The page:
If you have been watching football this season, you should have seen many instances by now where the offense and defense get in position at the line of scrimmage, the quarterback crouches down behind the center, begins his cadence and, just when the center snaps the ball, “TWEET!!!” yellow flags fly and the officials come running in, waving their arms to stop the play.
Not only do penalties at this point punish one of the teams, but they disrupt the flow of the game and can interfere with one team’s strategy. For example, the offense may have been trying to get the next play off quickly before the defense can react to the last play or substitute fresh players. Or, since a penalty stops the game clock, the offense could gain an advantage if it was out of time outs.
Today’s lesson is an introduction to the fouls that occur just before or at the snap, causing so much drama….
1. False Start: We learned about this penalty when we discussed the offensive linemen. All members of the offense, except for one player behind the line of scrimmage, are prohibited from making an abrupt movement once they are in a set position. This abrupt movement must be one that can make the defense believe that the play has started. The quarterback can actually commit a false start penalty if, as he calls the play signals, he makes any movement (like a strong head bob) that makes it look like the snap is about to happen.
2. Too Many Players: Each team is allowed only 11 players on the field at one time. There are two fouls sprouting from this rule: (1) having 12 players in the huddle; and (2) having too many players on the field when the ball is snapped. You might be wondering why these are two different infractions. After all, if there are too many players on the field at the snap, weren’t there too many in the huddle? Not necessarily. The teams might not huddle before a play. Or, a player might have run onto the field at the last second before the snap, thinking that there weren’t enough players, or getting faulty instructions on the sideline.
3. Neutral Zone Fouls: The neutral zone is the space, measured as the length of the football, between the offensive and defensive lines before the snap. No player on either team may be in the neutral zone before the ball is snapped. There are three possible fouls that violate this rule (the first two are only called against the defense):
a. Offside: This is when a defensive player crosses into the neutral zone before the ball is snapped and either does not get back to his side before the ball is snapped, or the movement prompts a member of the offense to commit a false start foul. If the player is going to be able to reach the quarterback unabated (i.e., without being touched by an offensive player), the play is blown dead. Otherwise, the officials will let the play continue and the offense can choose to accept or decline the penalty once the play is over.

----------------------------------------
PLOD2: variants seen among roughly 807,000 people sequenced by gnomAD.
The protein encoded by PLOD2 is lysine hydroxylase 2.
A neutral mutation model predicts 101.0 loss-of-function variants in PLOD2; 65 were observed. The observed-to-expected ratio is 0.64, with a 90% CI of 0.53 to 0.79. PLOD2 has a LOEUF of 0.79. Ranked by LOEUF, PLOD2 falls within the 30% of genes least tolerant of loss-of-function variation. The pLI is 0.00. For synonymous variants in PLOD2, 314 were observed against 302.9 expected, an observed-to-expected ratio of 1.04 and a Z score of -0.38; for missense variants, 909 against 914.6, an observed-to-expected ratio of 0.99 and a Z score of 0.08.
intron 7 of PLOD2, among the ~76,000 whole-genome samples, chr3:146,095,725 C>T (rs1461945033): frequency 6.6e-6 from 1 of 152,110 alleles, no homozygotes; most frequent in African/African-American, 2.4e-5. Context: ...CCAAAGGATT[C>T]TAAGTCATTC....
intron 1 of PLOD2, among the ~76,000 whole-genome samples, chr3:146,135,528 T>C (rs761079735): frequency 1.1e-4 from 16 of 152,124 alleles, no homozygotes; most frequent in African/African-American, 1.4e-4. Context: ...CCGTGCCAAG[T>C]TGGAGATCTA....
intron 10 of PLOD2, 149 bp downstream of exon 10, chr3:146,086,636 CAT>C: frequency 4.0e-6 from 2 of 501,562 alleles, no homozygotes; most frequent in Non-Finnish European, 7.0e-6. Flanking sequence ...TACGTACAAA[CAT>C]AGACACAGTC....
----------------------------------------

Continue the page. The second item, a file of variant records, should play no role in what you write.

b. Encroachment: The foul is encroachment when the defensive player touches a player on the offense after crossing the line of scrimmage.
c. Lining up in the neutral zone: Exactly what it sounds like—a player was in a set position inside the neutral zone.
4. Delay of Game: The offense must snap the ball before the 40-second play clock expires between plays. If not, it commits a delay of game foul. This is usually a 5-yard penalty, but if it occurs at the start of the game or the start of the third quarter, the penalty is 15 yards. The defense can also be called for a delay of game if it appears that they are trying to prevent the offense from getting a play off in time (e.g., not letting a tackled player get off the ground).
5. Illegal Procedure: There are several fouls that fall under the category of “Illegal Procedure”: illegal substitution; illegal motion; and failure to report change of eligibility. Click here for a discussion of these infractions.
6. Excessive crowd noise: If the officials determine that a crowd is causing so much noise that it interferes with the ability of the visiting offense to proceed with its play, the defense can be penalized with a loss of a time out or 5 yards if it has no more time outs. As you can imagine, this violation is very rare. In fact, quarterbacks will probably refrain from complaining to officials about the noise, since this would only inflame the crowd more.
All of the above (except the delay of game foul, as noted) cost the violating team a 5-yard penalty. Most of these fouls also stop the play either before or immediately after the snap. However, the play will usually continue if the foul has been committed by the defense (except offside when the player is moving unabated to the QB), allowing the offense to have a “free play.” When the play is over, the offense can then decide whether to accept the penalty against the defense; if the result of the play is more favorable than assessing the penalty against the defense, the offense will decline the penalty.